The Three-Step Approach to Problem Solving
The systems we will look at in this chapter won’t test
your knowledge of obscure formulas so much as your problem-solving
abilities. The actual physics at work on these systems is generally
quite simple—it rarely extends beyond Newton’s three laws and a
basic understanding of work and energy—but you’ll need to apply
this simple physics in imaginative ways.
There are three general steps you can take when approaching
any problem in mechanics. Often the problems are simple enough that
these steps are unnecessary. However, with the special problems
we will tackle in this chapter, following these steps carefully
may save you many times over on SAT II Physics. The three steps
Ask yourself how the system will move: Before
you start writing down equations and looking at answer choices,
you should develop an intuitive sense of what you’re looking at.
In what direction will the objects in the system move? Will they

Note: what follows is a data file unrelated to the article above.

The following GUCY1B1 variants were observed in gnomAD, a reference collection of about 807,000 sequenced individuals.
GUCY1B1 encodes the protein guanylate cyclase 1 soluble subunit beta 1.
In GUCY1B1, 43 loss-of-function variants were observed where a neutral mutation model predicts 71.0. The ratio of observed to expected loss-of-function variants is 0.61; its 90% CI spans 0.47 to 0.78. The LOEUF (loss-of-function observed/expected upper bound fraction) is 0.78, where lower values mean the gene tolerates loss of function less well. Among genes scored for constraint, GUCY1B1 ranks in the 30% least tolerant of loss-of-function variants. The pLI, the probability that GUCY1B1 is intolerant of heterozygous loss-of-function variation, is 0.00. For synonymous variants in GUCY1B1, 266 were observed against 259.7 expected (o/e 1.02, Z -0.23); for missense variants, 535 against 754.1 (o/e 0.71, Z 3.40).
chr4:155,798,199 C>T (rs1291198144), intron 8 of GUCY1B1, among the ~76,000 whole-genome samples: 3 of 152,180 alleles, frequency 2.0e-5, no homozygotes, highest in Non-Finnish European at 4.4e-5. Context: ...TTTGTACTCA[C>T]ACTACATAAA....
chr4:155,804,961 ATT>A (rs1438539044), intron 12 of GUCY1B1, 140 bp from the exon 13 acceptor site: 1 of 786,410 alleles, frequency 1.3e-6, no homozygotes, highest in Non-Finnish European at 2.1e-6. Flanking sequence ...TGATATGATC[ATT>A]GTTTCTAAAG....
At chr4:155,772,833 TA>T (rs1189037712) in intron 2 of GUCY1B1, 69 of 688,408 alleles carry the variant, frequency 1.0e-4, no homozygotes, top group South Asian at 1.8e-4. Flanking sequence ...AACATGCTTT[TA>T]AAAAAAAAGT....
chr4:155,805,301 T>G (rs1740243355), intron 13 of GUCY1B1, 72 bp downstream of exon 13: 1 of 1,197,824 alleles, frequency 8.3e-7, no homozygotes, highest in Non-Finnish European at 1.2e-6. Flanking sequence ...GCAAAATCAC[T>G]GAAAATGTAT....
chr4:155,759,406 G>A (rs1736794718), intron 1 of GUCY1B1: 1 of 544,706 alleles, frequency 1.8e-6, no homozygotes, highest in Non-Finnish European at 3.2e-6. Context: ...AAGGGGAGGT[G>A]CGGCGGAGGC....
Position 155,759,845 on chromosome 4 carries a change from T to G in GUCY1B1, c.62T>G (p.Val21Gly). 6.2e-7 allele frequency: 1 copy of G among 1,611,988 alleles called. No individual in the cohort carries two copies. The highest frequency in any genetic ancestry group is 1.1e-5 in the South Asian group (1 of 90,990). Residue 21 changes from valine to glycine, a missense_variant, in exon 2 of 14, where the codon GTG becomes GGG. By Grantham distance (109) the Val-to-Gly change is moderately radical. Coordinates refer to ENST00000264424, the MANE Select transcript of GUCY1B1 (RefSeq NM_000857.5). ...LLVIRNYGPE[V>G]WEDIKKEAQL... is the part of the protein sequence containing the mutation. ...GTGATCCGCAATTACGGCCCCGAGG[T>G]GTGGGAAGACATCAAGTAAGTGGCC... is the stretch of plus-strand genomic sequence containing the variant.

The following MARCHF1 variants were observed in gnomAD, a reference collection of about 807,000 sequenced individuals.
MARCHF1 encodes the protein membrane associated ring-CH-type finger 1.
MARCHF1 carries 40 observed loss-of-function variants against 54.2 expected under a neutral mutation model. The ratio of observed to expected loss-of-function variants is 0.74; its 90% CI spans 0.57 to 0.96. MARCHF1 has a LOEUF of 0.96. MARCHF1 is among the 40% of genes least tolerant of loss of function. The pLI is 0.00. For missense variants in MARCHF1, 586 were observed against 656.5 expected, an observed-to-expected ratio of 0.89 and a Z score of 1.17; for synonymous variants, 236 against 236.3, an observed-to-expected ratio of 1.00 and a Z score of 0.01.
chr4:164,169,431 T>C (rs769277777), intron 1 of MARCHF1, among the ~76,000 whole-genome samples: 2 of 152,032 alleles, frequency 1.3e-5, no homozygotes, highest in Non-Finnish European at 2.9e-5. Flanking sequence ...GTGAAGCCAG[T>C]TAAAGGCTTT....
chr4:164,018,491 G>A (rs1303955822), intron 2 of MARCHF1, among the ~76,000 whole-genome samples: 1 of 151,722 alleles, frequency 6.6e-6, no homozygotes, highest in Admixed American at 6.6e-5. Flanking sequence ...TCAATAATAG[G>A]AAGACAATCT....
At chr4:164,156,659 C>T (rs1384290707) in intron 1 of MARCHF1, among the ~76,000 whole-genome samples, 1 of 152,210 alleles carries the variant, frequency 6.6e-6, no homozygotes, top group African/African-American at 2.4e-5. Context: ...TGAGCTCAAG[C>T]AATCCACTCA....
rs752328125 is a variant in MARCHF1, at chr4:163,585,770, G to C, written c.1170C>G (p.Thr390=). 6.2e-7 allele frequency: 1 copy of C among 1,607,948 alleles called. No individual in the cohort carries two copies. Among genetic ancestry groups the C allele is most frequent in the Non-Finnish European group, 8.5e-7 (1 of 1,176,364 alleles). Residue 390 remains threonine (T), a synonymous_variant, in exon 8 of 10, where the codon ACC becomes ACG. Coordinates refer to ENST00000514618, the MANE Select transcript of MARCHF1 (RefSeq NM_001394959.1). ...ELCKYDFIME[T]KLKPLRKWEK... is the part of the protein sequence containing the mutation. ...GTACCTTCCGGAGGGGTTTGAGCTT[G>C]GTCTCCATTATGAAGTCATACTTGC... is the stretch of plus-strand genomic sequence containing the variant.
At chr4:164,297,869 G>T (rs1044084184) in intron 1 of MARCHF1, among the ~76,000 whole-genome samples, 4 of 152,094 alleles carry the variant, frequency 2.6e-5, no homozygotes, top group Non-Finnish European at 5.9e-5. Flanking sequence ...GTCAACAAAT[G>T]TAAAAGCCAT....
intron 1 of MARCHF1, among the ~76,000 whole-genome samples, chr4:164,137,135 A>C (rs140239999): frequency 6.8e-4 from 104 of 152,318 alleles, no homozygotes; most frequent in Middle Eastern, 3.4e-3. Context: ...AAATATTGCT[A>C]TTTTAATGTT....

move at all? Once you know what you’re dealing with, you’ll have
an easier time figuring out how to approach the problem.
a coordinate system: Most systems will only move in one dimension: up
and down, left and right, or on an angle in the case of inclined
planes. Choose a coordinate system where one direction is negative,
the other direction is positive, and, if necessary, choose an origin
point that you label 0. Remember: no coordinate system
is right or wrong in itself, some are just more convenient than
others. The important thing is to be strictly consistent once you’ve
chosen a coordinate system, and to be mindful of those subtle but
crucial minus signs!
free-body diagrams: Most students find mechanics easier than electromagnetism
for the simple reason that mechanics problems are easy to visualize.
Free-body diagrams allow you to make the most of this advantage. Make
sure you’ve accounted for all the forces acting on all the bodies
in the system. Make ample use of Newton’s Third Law, and remember
that for systems at rest or at a constant velocity, the net force
acting on every body in the system must be zero.
Students too often think that physics problem solving
is just a matter of plugging the right numbers into the right equations.
The truth is, physics problem solving is more a matter of determining
what those right numbers and right equations are. These three steps
should help you do just that. Let’s look at some mechanical systems.